Sturgis gives campground owners ultimatum

Campground owners around Sturgis are being asked to pay what Sturgis city officials call “their fair share” for ambulance services during the annual Sturgis Motorcycle Rally.

The city proposes to have campgrounds located outside the city limits pay in advance for ambulance services based on the number of calls they requested in 2018. The fees for service vary from $300 to $5,100. If payment from the campground owners is not received by May 15, the Sturgis Ambulance Service response area would be redrawn, leaving out those areas that are not paying.

The proposed fees range from $300 to $5,100 and are based on the number of ambulance calls to the campgrounds during the 2018 rally, Sturgis City Manager Daniel Ainslie said at a Feb. 19 special meeting in Sturgis with campground owners.

Under the proposal, campgrounds that had no ambulance calls last year would be assessed a $300 fee to cover this year’s rally in August. Those with one to four calls last year would pay $650, those with five to nine calls would pay $1,850, and a fee of $5,100 would be charged to those that had 10 or more calls during the 2018 rally.


According to listings on, there are more than a dozen campgrounds in and around Sturgis. Ainslie said services provided to campgrounds inside the city limits are covered by city sales-tax and property-tax revenues.

The city’s proposal is set for discussion before the Sturgis City Council on April 15.

If approved, the fees would have to be paid by May 15. Campgrounds not paying the fees by that date would no longer receive city ambulance service.

At the Feb. 19 meeting, Ainslie said during the 2018 rally the city ambulance service responded to 60 calls from campgrounds, amounting to 17 percent of total calls during the rally.

Of those calls, he said, 33 percent of patients refused transportation to a hospital after the ambulance arrived and of those transported only 23 percent of the amount billed was paid, creating a more than $25,000 shortfall, he said.

“We travel the distance out there and either we bandage the person up or give them the immediate aid they need and they refuse transport to the hospital, or other times we go all the way out there and no one’s there. That’s a significant cost that there’s absolutely no reimbursement for,” Ainslie said.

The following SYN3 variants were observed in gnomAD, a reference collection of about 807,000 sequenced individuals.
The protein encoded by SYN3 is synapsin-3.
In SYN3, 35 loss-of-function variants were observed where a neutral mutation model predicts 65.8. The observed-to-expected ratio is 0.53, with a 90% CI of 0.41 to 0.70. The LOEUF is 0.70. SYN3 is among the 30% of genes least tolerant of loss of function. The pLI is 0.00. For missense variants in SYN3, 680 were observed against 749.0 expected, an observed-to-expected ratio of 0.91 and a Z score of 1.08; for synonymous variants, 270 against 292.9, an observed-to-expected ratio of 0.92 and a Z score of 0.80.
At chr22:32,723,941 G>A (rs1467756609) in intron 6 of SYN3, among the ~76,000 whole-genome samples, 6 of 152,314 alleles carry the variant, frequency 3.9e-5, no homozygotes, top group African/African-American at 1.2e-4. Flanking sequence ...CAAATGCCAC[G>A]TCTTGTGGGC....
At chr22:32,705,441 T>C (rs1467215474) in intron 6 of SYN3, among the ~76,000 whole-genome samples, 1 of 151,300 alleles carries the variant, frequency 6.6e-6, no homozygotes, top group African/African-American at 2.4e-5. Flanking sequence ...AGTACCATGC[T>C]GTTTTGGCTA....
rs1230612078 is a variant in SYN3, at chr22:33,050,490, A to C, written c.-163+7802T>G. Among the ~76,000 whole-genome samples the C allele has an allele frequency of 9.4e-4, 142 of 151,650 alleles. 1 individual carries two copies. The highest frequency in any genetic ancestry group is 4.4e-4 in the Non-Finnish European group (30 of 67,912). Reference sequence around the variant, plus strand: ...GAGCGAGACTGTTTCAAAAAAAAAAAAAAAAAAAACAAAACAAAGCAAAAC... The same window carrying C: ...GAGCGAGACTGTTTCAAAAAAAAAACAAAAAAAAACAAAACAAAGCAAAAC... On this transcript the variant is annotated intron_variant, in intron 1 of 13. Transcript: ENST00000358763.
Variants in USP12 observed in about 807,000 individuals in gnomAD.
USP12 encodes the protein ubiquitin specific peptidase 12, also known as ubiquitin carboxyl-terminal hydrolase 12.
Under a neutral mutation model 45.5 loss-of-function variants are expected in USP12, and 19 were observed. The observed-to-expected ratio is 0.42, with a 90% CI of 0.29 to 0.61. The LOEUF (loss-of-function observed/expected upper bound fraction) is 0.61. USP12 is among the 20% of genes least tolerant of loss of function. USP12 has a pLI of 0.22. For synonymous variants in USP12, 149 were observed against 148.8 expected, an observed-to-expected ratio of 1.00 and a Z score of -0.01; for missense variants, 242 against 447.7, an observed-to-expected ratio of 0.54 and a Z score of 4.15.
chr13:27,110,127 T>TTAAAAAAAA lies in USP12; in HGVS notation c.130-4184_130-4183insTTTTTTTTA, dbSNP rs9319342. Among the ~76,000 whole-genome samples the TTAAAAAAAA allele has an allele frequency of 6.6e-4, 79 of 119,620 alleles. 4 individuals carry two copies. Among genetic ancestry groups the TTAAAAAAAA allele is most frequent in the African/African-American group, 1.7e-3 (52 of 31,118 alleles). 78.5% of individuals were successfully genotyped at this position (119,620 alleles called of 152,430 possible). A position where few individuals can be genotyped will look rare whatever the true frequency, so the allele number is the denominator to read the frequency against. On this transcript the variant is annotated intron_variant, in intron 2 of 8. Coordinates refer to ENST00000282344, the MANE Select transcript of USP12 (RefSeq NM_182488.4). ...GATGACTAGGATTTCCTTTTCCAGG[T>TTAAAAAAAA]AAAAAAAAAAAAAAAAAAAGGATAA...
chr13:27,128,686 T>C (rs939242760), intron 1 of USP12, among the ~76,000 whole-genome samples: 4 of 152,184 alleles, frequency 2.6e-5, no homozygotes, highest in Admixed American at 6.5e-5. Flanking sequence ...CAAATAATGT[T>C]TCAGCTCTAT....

Ainslie said reimbursement for ambulance services by Medicare, Medicaid and private insurance coverage is limited.

Medicaid reimbursements, for example, only cover 20 percent of the cost of an ambulance call, while Medicare covers 50 percent of ambulance services and private insurance covers 60 percent of a call.

According to the city, calls for ambulance service have essentially doubled in 10 years, from 1,076 in 2009 to 2,070 calls in 2018.

Ainslie said in 2018 the city provided $277,201 to the Sturgis Volunteer Fire Department and Sturgis Ambulance Service. He said the total losses for the ambulance service in 2018, including building maintenance insurance and equipment replacement, was $250,798.

Calls to a number of campground owners around Sturgis revealed some who were unaware of the Feb. 19 meeting. Others voiced strong opposition to an upfront fee.

“They basically have told us if we don’t submit and pay, they’ll deny us ambulance services and we’re not OK with that,” said R.J. Ludwick, of No Name City Campground, located between Sturgis and Tilford along Interstate 90.

“We all pay taxes, and we have higher taxes because of our businesses, and we all feel that’s not right,” Ludwick said.

Buffalo Chip Campground owner Rod Woodruff said the campground has a full staff of EMT-trained security that will verify the legitimacy of an ambulance call and take a patient to a pickup point to minimize the time for an ambulance run from Sturgis

“We’re doing that just to help the ambulance service to keep their costs down and eliminate the false calls,” he said.

Woodruff said campgrounds bring in thousands of visitors who spend millions of dollars in Sturgis during the rally.

“It doesn’t seem like much appreciation for the campgrounds who are taking care of these people that are going into town and spending all this money and helping Sturgis realize this income every year,” Woodruff said. “It looks like we are being asked to pay the lion’s share of losses he (Ainslie) says the city has."


Ainslie said he is open to other ideas for addressing the funding needs for the ambulance, which serves 20 percent of Meade County, along with a small portion of Lawrence County.

He asks for any written proposals to be submitted by March 15.

“If they have any ideas for alternative ways, we’re happy to discuss them,” Ainslie said.

The campground proposal is one of several funding avenues the city is exploring in the wake of a series of town-hall meetings concerning funding for fire and ambulance services, Ainslie said.

In December, a pair of proposed fire and ambulance districts to help cover expenses for areas just east and north of Sturgis were turned down by county voters.

Another area brought up concerned the cost of responding to areas in Lawrence County along Interstate 90 and in Boulder Canyon west of Sturgis. Ainslie said negotiations are underway with Lawrence County to cover some of those costs.

Meade County recently approved a $5,000 annual payment to the city to cover transporting county jail inmates for medical treatment. In 2018, there were 15 of those calls, he said.